Frege’s work was not ﬁnal, in the ﬁrst place because it
applied only to arithmetic, not to other branches of
math-ematics; in the second place because his premisses did not
exclude certain contradictions to which all past systems of
formal logic turned out to be liable. Dr. Whitehead and I in
*collaboration tried to remedy these two defects, in Principia*
*Mathematica, which, however, still falls short of ﬁnality in some*
fundamental points (notably the axiom of reducibility). But in
spite of its shortcomings I think that no one who reads this
book will dispute its main contention, namely, that from
cer-tain ideas and axioms of formal logic, by the help of the logic
of relations, all pure mathematics can be deduced, without
any new undeﬁned idea or unproved propositions. The
tech-nical methods of mathematical logic, as developed in this

book, seem to me very powerful, and capable of providing a new instrument for the discussion of many problems that have hitherto remained subject to philosophic vagueness. Dr.

*Whitehead’s Concept of Nature and Principles of Natural Knowledge may*
serve as an illustration of what I mean.

When pure mathematics is organized as a deductive sys-tem—i.e. as the set of all those propositions that can be deduced from an assigned set of premisses—it becomes obvi-ous that, if we are to believe in the truth of pure mathematics, it cannot be solely because we believe in the truth of the set of premisses. Some of the premisses are much less obvious than some of their consequences, and are believed chieﬂy because of their consequences. This will be found to be always the case when a science is arranged as a deductive system. It is not the logically simplest propositions of the system that are the most obvious, or that provide the chief part of our reasons for believing in the system. With the empirical sciences this is evident. Electro-dynamics, for example, can be concentrated into Maxwell’s equations, but these equations are believed because of the observed truth of certain of their logical con-sequences. Exactly the same thing happens in the pure realm of logic; the logically ﬁrst principles of logic—at least some of them—are to be believed, not on their own account, but on account of their consequences. The epistemological question:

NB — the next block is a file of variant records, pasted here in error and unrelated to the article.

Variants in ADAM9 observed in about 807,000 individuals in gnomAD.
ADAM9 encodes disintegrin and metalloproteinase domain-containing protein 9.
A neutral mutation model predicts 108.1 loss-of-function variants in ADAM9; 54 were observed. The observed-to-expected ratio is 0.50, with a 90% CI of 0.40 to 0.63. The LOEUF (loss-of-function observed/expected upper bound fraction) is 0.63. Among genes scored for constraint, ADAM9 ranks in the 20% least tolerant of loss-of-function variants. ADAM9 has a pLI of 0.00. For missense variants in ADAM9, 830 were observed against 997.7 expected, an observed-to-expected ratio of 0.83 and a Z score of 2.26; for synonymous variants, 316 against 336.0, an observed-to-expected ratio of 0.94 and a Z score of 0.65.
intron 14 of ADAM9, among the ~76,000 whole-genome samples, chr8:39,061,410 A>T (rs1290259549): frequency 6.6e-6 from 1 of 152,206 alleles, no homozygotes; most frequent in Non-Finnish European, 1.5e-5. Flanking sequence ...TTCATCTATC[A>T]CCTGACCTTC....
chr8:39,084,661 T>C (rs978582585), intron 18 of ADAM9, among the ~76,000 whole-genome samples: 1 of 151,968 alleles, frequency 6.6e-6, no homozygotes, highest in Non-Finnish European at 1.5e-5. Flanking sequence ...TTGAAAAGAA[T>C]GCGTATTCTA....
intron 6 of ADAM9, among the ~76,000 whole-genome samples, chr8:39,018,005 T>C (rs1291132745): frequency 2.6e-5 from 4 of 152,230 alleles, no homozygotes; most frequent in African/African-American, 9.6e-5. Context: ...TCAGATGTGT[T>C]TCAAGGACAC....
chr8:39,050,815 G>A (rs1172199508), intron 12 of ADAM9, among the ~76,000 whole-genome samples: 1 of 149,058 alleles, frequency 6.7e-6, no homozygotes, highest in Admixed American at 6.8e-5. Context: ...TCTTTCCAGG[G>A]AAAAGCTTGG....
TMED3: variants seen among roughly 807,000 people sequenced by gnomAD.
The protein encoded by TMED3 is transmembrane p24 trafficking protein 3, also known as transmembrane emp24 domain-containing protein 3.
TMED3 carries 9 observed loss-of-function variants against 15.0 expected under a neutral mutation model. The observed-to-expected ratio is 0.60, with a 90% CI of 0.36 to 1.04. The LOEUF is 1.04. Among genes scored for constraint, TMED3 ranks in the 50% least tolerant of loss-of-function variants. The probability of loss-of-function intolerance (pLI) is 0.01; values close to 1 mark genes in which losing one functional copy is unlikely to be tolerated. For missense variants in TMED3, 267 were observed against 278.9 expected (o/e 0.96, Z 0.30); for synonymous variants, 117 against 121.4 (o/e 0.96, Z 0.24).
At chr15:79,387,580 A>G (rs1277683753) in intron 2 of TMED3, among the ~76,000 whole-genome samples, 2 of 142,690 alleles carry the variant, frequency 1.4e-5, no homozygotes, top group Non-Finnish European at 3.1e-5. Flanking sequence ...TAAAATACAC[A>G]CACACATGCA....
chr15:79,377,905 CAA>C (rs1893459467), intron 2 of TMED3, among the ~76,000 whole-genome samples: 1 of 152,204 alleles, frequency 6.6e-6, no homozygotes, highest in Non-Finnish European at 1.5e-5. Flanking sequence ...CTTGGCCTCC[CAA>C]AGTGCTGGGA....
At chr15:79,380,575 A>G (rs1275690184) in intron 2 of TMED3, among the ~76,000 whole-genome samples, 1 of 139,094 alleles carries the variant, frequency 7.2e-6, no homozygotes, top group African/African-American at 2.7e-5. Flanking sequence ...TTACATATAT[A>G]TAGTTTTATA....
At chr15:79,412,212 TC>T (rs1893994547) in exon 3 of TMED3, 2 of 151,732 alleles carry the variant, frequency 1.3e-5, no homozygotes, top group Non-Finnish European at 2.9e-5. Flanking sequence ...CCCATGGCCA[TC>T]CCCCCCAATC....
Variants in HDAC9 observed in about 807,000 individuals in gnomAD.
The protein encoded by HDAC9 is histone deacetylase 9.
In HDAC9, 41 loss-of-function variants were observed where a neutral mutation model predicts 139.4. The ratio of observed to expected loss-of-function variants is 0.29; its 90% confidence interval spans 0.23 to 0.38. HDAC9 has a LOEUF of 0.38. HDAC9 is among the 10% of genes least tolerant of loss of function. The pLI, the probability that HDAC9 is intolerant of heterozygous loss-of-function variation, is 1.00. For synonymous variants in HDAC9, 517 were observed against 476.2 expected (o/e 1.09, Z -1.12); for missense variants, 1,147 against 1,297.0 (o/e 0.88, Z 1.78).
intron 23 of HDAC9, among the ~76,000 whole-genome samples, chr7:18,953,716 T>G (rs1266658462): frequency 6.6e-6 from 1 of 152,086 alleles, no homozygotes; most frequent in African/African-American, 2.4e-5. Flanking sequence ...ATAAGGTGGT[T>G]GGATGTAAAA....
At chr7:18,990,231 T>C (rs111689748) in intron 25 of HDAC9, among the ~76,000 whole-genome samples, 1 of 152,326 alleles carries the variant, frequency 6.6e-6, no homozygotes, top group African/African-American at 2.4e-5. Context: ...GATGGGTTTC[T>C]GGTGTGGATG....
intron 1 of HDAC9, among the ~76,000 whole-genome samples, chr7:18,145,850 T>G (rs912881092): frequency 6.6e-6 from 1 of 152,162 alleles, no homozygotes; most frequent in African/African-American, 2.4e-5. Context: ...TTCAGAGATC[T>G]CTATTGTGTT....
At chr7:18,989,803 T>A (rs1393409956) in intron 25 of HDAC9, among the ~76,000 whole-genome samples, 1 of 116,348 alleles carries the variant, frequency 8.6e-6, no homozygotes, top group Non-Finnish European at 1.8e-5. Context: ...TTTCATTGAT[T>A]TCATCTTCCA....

“Why should I believe this set of propositions?” is quite
diﬀerent from the logical question: “What is the smallest and
logically simplest group of propositions from which this set
of propositions can be deduced?” Our reasons for believing
logic and pure mathematics are, in part, only inductive and
*probable, in spite of the fact that, in their logical order, the*
propositions of logic and pure mathematics follow from the
premisses of logic by pure deduction. I think this point
important, since errors are liable to arise from assimilating the
logical to the epistemological order, and also, conversely, from

assimilating the epistemological to the logical order. The only
way in which work on mathematical logic throws light on the
truth or falsehood of mathematics is by disproving the supposed
*antinomies. This shows that mathematics may be true. But to*
*show that mathematics is true would require other methods and*
other considerations.

One very important heuristic maxim which Dr. Whitehead and I found, by experience, to be applicable in mathematical logic, and have since applied to various other ﬁelds, is a form of Occam’s Razor. When some set of supposed entities has neat logical properties, it turns out, in a great many instances, that the supposed entities can be replaced by purely logical structures composed of entities which have not such neat properties. In that case, in interpreting a body of propositions hitherto believed to be about the supposed entities, we can substitute the logical structures without altering any of the detail of the body of pro-positions in question. This is an economy, because entities with neat logical properties are always inferred, and if the proposi-tions in which they occur can be interpreted without making this inference, the ground for the inference fails, and our body of propositions is secured against the need of a doubtful step.

The principle may be stated in the form: “Wherever possible, substitute constructions out of known entities for inferences to unknown entities.”

The uses of this principle are very various, but are not intelli-gible in detail to those who do not know mathematical logic.

The ﬁrst instance I came across was what I have called “the
principle of abstraction”, or “the principle which dispenses